EFLUX: Orphans of politics: A conversation with Lea Melandri by Christina Chalmers

EFF 2022: The Work We Share Programme showcases 10 newly digitised films from the Cinenova collection between 19 and 20 March 2022 at the Institute of Contemporary Art in London. The final programme features the Adriana Monti’s documentary film School Without End (Scuola senza fine) dealing with working class women’s experiences in Italy during the 1970s.

“A group of women following the worker-union-sponsored “150 hours” course to complete their secondary school education are mentored by feminist, activist, and writer Lea Melandri. Adriana Monti follows the women as they reconsider their role as housewives and the effects of this type of political education on their self-narration.”

Discover more about the film School Without End: Read Orphans of politics: A conversation with Lea Melandri on dependency, autonomy, love by Christina Chalmers at e-flux Video & Film:

Scuola senza fine (School Without End) – Video & Film – e-flux

Screen Slate: On Prisms and Portraits: The Films of Rosine Mbakam by Yasmina Price

The Essay Film Festival presents the first UK retrospective of the work of Rosine Mbakam between 19 and 23 April 2022 at the Institute of Contemporary Art and the Birkbeck Cinema in London. The screenings of Prism and Two Faces of A Bamiléké Woman will be followed by conversations with Rosine Mbakam.

”Critiques of the racism in the film industry often pass over the camera itself as a complicit agent. Never neutral, visual technologies are clearly marked and shaped by ideological forces. Photography developed over the course of the nineteenth century, meaning the camera emerged during one of the peaks of Western colonialism and imperialism. Not only did photographic technologies coincide with these projects of domination, they facilitated the categorization and regulation of oppressed populations…The false premise of the objectivity of visual technologies is the starting point for Prism (2021), a collaborative documentary between Cameroonian Rosine Mbakam, Burkinabé Eléonore Yameogo, and Belgian An van. Dienderen. The film is stylistically variable, assembled from interview clips, behind the scenes footage, recorded Skype conversations, and a few more abstract and theatrical sequences. Prism was conceived as a “chain letter,” a visual relay between the filmmakers.”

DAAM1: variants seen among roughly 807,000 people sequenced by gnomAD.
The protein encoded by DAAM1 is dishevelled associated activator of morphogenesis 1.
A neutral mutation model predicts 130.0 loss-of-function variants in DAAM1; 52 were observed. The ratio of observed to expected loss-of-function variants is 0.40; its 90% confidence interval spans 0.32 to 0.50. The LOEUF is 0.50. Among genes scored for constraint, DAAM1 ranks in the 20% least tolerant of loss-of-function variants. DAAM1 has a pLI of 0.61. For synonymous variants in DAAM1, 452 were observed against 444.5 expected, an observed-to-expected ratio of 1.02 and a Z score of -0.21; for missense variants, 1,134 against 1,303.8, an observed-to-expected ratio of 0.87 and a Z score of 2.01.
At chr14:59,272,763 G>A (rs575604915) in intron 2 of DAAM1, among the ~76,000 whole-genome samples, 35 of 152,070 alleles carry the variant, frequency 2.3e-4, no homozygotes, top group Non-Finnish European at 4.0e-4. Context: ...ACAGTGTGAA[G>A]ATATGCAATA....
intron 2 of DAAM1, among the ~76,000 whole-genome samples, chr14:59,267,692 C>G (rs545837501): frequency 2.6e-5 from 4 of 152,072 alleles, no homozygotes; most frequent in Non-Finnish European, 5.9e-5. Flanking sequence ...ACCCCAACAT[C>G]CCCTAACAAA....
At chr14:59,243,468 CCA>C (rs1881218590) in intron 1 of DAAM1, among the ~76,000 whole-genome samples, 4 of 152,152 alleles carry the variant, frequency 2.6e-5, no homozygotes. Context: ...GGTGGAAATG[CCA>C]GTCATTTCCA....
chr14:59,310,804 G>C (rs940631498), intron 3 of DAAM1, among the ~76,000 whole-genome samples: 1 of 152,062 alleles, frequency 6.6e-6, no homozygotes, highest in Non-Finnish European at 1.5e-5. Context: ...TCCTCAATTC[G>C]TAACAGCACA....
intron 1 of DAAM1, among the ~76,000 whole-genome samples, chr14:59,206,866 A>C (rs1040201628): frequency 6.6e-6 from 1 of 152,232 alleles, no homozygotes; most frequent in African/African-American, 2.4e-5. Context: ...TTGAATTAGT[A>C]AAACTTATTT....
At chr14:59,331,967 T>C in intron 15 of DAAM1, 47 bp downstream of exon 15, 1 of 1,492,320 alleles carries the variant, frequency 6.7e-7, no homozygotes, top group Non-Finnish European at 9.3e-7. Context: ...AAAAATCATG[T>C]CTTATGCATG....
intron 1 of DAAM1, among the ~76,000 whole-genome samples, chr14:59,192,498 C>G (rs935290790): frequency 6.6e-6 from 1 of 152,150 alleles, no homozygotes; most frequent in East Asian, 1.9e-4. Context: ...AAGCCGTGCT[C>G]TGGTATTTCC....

To read the article On Prisms and Portraits: The Films of Rosine Mbakam by Yasmina Price, visit Screen Slate (NYC):

On Prisms and Portraits: The Films of Rosine Mbakam | Screen Slate

WFTHN: Becoming Sheffield Film Co-Op, A Brief History by Angela Martin

The Essay Film Festival presents A Question of Choice (Sheffield Film Co-Op, UK, 1982) as part of our EFF 2022 The Work We Share Programme 3 taking place at the Institute of Contemporary Art, London (20 March, 6.30pm).

”Sheffield Film Co-op did not begin its life fully formed as a filmmaking group. It grew out of the new/second women’s liberation movement of the early 70s, which was variously engaging in raising consciousness about issues women faced in their domestic and/or work lives. This engagement produced differing analyses, ideas and practical approaches and soon highlighted the need to disseminate feminist ideas about the issues to a wider audience than those women already attending meetings.” (Angela Martin)

To read about the history of the Co-Op, read the full article by Angela Martin at:

Becoming Sheffield Film Co-op – Women’s Film and Television History Network – UK/Ireland